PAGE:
SUMMARY OF RECOMMENDATIONS
1. Nutrient inputs
Nutrients are entering Ryerson Lake via tributaries, from runoff in the watershed, and being regenerated by anoxic sediments (internal loading). Problem areas and suggested solutions follow:
A. Septic tanks: they seep into the groundwater through permeable sand. They must be pumped often, at least once every 2 yr. Switching to sewers is the best alternative.
B. Sediments can generate nutrients near bottom in the deep basin during decomposition processes in winter and summer (internal loading). Reducing nutrient input from riparians, so less organic material accumulates on the bottom is one thing riparians can do along with reducing tributary inputs of nutrients (see C below). More expensive, but proven, solutions include: alum treatments and hypolimnetic aeration (aerating only the bottom nutrient rich water).
C. Tributary inputs. We documented large amounts of nitrates (7.88 mg/L) in the NW Sandbar tributary in spring. High concentrations of nitrates and phosphorus were also recorded in the other four tributaries.
Some of these nutrients are being taken up by wetland vegetation, shoreline plants, and macrophytes in the lake near the tributary mouths. However, these sources are a problem year round and probably substantial sources of eutrophication (nutrient enrichment) in Ryerson Lake. Obviously, since there are large agricultural lands in the watershed feeding these tributaries, they would appear to be the source of most of these nutrients. Hence, there should be an attempt to persuade farmers directly in the watershed to follow best management practices to reduce nutrient runoff from their fields.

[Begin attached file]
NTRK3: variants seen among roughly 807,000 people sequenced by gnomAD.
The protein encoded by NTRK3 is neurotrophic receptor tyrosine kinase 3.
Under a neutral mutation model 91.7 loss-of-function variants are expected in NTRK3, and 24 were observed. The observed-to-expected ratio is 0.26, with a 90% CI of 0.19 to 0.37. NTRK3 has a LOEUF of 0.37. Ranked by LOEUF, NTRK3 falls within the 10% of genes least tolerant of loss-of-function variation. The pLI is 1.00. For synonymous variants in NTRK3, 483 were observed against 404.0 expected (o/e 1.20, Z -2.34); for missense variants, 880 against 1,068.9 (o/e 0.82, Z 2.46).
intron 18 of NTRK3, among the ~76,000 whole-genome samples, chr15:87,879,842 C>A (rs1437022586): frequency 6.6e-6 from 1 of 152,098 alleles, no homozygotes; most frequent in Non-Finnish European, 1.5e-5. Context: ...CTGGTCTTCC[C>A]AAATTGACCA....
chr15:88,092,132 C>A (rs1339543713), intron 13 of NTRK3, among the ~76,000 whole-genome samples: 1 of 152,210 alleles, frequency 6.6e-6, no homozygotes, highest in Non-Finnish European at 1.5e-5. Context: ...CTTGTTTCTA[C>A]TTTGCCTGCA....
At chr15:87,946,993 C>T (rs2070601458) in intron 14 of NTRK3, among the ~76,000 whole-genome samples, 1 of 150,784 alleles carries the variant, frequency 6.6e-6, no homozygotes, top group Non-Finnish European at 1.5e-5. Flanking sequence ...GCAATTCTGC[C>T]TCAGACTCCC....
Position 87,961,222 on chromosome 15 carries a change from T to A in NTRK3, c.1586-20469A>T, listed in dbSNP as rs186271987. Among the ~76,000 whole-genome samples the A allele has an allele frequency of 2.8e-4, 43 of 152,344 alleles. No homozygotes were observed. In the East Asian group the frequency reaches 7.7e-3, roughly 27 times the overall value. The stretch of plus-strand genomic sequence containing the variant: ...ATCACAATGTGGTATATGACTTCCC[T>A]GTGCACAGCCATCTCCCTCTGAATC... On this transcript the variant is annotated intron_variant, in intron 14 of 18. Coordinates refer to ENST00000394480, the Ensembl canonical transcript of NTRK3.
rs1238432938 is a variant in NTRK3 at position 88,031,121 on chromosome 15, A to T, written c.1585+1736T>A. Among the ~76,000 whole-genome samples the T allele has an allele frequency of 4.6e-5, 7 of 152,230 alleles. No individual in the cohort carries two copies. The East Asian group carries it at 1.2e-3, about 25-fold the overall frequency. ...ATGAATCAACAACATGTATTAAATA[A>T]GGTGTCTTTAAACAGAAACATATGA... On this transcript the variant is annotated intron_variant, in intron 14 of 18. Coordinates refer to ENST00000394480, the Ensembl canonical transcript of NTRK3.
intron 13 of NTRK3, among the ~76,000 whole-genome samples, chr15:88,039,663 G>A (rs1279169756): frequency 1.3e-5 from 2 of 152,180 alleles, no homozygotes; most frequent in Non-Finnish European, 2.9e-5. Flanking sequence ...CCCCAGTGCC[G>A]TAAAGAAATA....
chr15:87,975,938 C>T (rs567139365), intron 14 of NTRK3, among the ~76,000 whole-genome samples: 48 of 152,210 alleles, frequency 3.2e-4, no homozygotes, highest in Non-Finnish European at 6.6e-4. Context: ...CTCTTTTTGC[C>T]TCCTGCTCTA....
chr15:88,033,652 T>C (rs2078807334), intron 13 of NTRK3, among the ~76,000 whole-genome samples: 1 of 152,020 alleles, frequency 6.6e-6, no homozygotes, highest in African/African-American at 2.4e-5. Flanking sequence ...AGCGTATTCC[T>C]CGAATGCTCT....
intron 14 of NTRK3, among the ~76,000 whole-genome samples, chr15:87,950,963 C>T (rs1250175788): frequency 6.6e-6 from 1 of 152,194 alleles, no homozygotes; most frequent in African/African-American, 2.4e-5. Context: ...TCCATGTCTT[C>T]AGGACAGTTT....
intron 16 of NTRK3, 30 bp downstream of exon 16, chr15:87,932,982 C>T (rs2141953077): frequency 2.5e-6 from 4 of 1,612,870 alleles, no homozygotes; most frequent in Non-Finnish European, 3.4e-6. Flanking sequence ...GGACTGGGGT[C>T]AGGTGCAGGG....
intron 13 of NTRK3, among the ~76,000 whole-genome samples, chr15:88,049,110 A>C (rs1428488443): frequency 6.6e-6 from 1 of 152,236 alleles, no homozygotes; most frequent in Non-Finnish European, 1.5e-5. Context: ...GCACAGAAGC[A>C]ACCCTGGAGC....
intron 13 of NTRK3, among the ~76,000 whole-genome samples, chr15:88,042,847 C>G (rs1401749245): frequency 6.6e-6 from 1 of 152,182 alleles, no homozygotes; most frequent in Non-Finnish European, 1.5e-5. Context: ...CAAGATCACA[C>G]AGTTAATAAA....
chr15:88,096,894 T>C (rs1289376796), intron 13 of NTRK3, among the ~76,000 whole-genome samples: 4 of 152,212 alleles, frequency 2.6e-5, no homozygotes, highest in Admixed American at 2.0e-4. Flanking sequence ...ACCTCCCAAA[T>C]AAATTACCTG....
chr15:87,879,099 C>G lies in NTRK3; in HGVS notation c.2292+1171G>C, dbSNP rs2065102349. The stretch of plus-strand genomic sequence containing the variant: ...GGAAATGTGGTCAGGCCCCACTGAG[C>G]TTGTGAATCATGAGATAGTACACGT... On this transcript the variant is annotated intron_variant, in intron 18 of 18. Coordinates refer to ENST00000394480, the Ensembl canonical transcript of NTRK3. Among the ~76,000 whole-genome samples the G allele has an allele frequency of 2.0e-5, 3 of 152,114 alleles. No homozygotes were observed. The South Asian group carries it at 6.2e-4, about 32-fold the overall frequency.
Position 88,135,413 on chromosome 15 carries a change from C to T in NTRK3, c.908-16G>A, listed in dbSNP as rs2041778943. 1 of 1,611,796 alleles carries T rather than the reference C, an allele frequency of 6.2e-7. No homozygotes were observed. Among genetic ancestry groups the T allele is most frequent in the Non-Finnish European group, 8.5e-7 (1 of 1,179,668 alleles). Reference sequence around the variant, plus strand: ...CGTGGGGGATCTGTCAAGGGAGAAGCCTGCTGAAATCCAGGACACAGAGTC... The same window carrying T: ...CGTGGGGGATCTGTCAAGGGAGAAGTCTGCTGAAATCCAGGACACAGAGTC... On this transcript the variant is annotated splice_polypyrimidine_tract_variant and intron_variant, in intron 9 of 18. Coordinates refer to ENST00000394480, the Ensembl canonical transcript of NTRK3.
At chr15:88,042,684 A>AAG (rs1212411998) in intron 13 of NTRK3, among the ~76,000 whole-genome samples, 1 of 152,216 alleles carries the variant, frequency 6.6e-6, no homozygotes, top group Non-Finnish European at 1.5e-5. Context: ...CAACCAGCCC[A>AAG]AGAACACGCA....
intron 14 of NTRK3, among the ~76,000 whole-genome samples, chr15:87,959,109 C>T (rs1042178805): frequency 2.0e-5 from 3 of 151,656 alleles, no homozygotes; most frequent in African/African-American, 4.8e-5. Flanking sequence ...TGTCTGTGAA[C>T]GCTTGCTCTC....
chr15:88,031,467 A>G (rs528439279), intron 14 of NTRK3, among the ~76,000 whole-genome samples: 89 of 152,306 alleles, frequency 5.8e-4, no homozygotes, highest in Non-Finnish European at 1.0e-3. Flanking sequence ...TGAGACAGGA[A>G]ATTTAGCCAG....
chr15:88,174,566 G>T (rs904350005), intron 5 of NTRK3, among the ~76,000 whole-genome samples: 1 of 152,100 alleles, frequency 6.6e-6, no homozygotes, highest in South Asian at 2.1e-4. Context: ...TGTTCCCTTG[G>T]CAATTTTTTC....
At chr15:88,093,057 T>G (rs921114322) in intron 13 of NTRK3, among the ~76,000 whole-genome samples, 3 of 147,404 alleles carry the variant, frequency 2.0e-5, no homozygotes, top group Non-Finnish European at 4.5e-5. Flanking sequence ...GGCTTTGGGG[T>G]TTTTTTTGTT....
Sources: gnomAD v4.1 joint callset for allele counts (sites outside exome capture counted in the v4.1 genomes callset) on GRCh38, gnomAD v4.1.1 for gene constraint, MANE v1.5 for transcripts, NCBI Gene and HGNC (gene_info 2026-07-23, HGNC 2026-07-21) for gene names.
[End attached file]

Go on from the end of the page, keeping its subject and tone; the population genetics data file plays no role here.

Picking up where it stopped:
There are Michigan State Extension agents that might be able to assist in this effort. In addition, attention should be directed to the mouths of these tributaries to maintain a dense macrophyte bed to absorb nutrients – exercise care in any herbicide treatments of these plants. Finally, consult the results of the ongoing study of the watershed being conducted by nearby lake associations.
D. Runoff, lawn fertilization, and other activities by residents contribute nutrients: Observe suggestions in Appendix 1 – greenbelts, no fertilization of lawns, ban pet wastes from lawns, no leaf burning at the lake, reduce impermeable surfaces, etc. Consider the no mow vow for spring to promote pollinators; reduce runoff from rain events.
E. Waterfowl, such as Canadian geese, need to be discouraged from visiting, nesting, or hanging around the lake eating lawns.
2. Northern Pike
We think northern pike are now not as abundant during 2021 as they were during 2014 and they appear to be growing at state averages.
We would support a return to normal catch limits for this species.
3. Largemouth Bass
We recommend catch and release for all largemouth bass >15 inches, unless fish are foul hooked and would die. They help control stunting in sunfish populations, despite that we think they may be responsible for the loss or diminution of six species of minnows.
4. Yellow perch
Yellow perch were not very abundant during 2014 or 2021, but there were quite a few young in the near shore zone so they still are reproducing at acceptable levels.
Many top predators fed on them, so not much can be done. If the northern pike population is reduced, perhaps we may see increases in survival of this species to larger sizes.
Walleye have been stocked into Ryerson Lake. Amazingly many have survived, providing a small fishery.
We oppose further stocking, because they are not native, they are difficult to catch, they will not spawn, stocking may introduce diseases, and most importantly, they will be severely stressed during summer stratification.
6. Prevent Exotic Species from Entering Ryerson Lake
Prevent exotic species, besides Eurasion milfoil which has already been introduced, from entering the lake.
Consider banning bait from outside the lake to avoid the introduction of more exotic species, such as quagga mussels and VHS.
Fishers and skiers need to dry out boats and gear that come from other lakes that might be contaminated with exotic species, such as zebra mussels.